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Principles - mens rea - a definition

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Mens Rea, the guilty mind

From the Latin, Actus non-facit reus nisi mens sit rea

Definition of mens rea

The term mens rea refers to the mental element in the definition of a crime. This is not some abstract mental process; it refers to specific words in the charge or indictment.

These words include 'intentionally', 'knowingly', 'recklessly', 'maliciously', or 'negligently',


'suffering', ‘dishonestly’ and so forth.

Each word has a different meaning, it is not possible to simply identify them as mens rea and leave it like that.


If Parliament intended mens rea in an offence it will often include mens rea words

somewhere else in the statute.


The courts assume that if Parliament deliberately left the word out, the offence is one of strict liability by ‘necessary implication’.

Transferred malice

If the defendant, with the mens rea of a particular crime, does an act, which causes the actus reus of the same crime, he is guilty, although the result, in some respects, is an unintended one.

Latimer (1886)

D, a soldier during an argument with another man C in a pub, took off his belt swung it at C, missed and wounded the landlady V.

Held: the intention to strike C was transferred to V under the doctrine of transferred malice.


When malice is not transferred.

However, if the defendant, with the mens rea of a particular crime, does an act that causes the actus reus of another crime, he will not be liable under the doctrine of transferred malice.


Pembliton (1874)

D was ejected from a pub and became involved in a fight. He threw a stone at the group of men he had been fighting, missed them but broke the pub window behind them.

Held: His "malice" in intending to strike another person could not be transferred to an intention to break the window.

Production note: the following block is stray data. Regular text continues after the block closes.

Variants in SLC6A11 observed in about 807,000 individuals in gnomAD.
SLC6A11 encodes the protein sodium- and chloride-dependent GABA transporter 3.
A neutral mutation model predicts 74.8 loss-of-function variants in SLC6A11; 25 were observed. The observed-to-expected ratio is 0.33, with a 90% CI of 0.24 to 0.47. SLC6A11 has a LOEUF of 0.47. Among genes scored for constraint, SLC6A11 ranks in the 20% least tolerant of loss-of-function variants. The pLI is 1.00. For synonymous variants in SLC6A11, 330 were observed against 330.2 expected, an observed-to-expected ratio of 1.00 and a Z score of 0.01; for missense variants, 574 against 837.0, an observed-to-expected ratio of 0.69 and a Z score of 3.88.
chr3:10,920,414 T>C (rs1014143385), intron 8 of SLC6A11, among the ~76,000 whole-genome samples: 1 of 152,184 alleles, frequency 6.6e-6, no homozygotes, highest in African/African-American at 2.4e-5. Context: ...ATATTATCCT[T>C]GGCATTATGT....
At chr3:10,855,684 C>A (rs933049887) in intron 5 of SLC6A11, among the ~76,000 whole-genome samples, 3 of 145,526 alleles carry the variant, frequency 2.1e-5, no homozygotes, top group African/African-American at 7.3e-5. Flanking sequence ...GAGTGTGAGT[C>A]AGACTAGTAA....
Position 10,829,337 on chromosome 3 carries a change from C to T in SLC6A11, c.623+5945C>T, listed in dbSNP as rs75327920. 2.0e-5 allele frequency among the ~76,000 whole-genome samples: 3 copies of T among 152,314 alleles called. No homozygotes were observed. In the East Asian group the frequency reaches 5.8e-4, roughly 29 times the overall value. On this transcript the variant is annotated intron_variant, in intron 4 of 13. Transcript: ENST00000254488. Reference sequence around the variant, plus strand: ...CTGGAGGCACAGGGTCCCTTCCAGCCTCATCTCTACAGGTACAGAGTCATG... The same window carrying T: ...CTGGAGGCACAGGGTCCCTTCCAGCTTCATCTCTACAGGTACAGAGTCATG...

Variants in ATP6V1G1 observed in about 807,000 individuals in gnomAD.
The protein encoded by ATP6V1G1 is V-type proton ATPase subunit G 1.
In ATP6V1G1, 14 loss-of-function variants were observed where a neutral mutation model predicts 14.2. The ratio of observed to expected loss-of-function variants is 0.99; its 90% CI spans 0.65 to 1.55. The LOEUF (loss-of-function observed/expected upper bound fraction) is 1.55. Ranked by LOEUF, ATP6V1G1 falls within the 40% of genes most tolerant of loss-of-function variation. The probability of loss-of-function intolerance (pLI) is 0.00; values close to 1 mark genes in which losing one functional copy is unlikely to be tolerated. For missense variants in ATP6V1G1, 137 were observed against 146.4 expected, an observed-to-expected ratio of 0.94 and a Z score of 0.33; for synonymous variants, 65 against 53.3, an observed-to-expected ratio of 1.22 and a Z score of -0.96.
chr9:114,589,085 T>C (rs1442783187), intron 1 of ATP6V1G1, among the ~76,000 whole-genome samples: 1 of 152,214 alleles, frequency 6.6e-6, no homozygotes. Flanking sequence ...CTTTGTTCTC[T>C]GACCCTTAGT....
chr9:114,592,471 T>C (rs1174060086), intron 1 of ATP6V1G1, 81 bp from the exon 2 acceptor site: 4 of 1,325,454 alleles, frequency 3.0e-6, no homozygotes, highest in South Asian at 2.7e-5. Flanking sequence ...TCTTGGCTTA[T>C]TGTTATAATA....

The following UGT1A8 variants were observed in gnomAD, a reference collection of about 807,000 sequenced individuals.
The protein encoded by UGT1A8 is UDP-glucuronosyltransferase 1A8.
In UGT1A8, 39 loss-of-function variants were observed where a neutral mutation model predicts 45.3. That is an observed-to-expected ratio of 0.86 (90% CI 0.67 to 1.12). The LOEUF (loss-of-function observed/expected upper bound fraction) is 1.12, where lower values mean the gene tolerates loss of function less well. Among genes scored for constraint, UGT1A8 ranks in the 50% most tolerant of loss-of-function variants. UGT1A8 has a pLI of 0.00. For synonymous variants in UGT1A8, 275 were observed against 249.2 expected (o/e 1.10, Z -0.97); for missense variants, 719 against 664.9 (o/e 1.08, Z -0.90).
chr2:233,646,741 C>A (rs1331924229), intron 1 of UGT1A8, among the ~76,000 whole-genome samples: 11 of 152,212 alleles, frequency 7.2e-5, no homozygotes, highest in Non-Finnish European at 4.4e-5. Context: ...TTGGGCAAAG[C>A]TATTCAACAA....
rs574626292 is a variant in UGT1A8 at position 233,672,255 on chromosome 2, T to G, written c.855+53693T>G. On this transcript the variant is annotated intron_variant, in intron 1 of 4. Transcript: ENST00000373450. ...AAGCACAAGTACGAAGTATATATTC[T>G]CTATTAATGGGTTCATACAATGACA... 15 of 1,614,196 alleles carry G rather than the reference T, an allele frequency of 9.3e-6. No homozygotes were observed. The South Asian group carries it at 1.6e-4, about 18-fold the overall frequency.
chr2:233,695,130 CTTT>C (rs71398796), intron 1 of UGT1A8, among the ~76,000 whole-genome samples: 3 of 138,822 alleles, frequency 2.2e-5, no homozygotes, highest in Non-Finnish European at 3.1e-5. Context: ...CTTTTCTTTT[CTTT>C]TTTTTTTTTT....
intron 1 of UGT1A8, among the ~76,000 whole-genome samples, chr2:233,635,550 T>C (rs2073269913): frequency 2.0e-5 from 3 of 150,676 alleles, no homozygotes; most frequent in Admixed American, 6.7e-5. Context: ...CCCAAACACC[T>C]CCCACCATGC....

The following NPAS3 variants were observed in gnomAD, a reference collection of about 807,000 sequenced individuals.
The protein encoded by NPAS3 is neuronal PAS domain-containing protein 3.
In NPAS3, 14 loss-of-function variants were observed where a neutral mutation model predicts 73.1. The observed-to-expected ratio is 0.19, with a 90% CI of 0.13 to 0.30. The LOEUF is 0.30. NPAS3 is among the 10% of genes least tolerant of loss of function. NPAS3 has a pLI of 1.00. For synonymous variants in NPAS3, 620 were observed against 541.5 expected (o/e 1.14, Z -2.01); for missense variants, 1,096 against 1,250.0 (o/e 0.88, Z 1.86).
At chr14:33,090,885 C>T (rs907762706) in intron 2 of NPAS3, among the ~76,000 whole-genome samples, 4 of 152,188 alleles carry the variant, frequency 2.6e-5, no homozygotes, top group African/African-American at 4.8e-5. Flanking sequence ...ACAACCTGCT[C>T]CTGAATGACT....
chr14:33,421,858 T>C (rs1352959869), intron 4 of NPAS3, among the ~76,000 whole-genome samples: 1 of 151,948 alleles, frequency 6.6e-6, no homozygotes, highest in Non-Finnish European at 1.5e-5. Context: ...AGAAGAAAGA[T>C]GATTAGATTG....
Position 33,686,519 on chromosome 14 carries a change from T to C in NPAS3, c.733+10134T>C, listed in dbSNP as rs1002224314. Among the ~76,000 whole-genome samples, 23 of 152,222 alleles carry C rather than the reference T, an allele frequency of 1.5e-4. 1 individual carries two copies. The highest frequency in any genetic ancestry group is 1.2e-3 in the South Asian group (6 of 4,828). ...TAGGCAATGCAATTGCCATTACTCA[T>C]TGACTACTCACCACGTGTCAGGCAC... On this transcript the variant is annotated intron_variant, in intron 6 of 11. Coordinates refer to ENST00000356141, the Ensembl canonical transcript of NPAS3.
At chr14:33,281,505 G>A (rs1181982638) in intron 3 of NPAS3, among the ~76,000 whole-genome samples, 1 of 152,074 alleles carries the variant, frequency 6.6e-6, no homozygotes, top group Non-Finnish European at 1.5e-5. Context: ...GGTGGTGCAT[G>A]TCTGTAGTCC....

Not guilty

Coincidence of actus reus and mens rea

See contemporaneity, here

Ignorance or mistake of a civil law obligation can negate mens rea of a crime

Ignorance of the criminal law is no defence, but a mistake of civil law may be a defence to a criminal charge, provided it negates the mens rea for the offence in question

Mens Rea - what it is.

Mens Rea (the guilty mind or wrongful intention) differs from crime to crime.

The  intention of a criminal committing a theft is different from that of a rapist.

To be criminally liable, a person must have intended to do wrong or have acted in a reckless and negligent manner knowing that his actions would cause the result complained of. 

A terrorist, who puts a bomb on a plane and kills all the passengers, would have no defence by claiming that he did not intend to kill anyone, and he only intended to damage the plane. Such an act is so reckless, and the likelihood of death so foreseeable, that it is inferred that the criminal intention is present.

When considering murder, the House of Lords has ruled that intent to kill or inflict serious bodily harm is necessary to establish 'malice aforethought'.

Malice aforethought means 'intention'.  However, foresight of the probable consequences of an act does not automatically mean the consequences were intended.  

A line of cases demonstrates this:

R v Moloney (1985) HL

D received a friendly challenge by his stepfather to see who was "quicker on the draw" with shotguns. Both men were drunk, but good friends. Moloney shot and killed his stepfather, although he claimed he had no intention to do so and did not appreciate that the gun was aimed at the victim.

Held: Moloney was not guilty of murder as a person only intends the result of an act if his purpose is to bring about that result. As Moloney did not intend to kill his stepfather, he was not guilty of murder.

Guilty of manslaughter.

R v Hancock and Shankland (1985) HL

The defendants (DD) were striking miners. They pushed blocks of concrete from a bridge above a road, which landed on a windscreen of a taxi carrying a miner to work. The concrete killed the driver of the taxi and the defendants were charged with murder. They claimed that they had not intended to kill or injure anyone, but merely to block the road.

Held: In such cases the probability of death or injury arising from the act done is important, because "if the likelihood that death or serious injury will result is high, the probability of that result may be seen as overwhelming evidence of the existence of the intent to kill or injure."

Guilty of manslaughter.

R v Nedrick (1986) HL

The court considered that in such cases a person would only be guilty if his actions are virtually certain to result in death or serious harm, regardless of intent.

R v Woollin [1998] HL

The House of Lords approved Nedrick, and made a few refinements to the direction a judge should give the jury.

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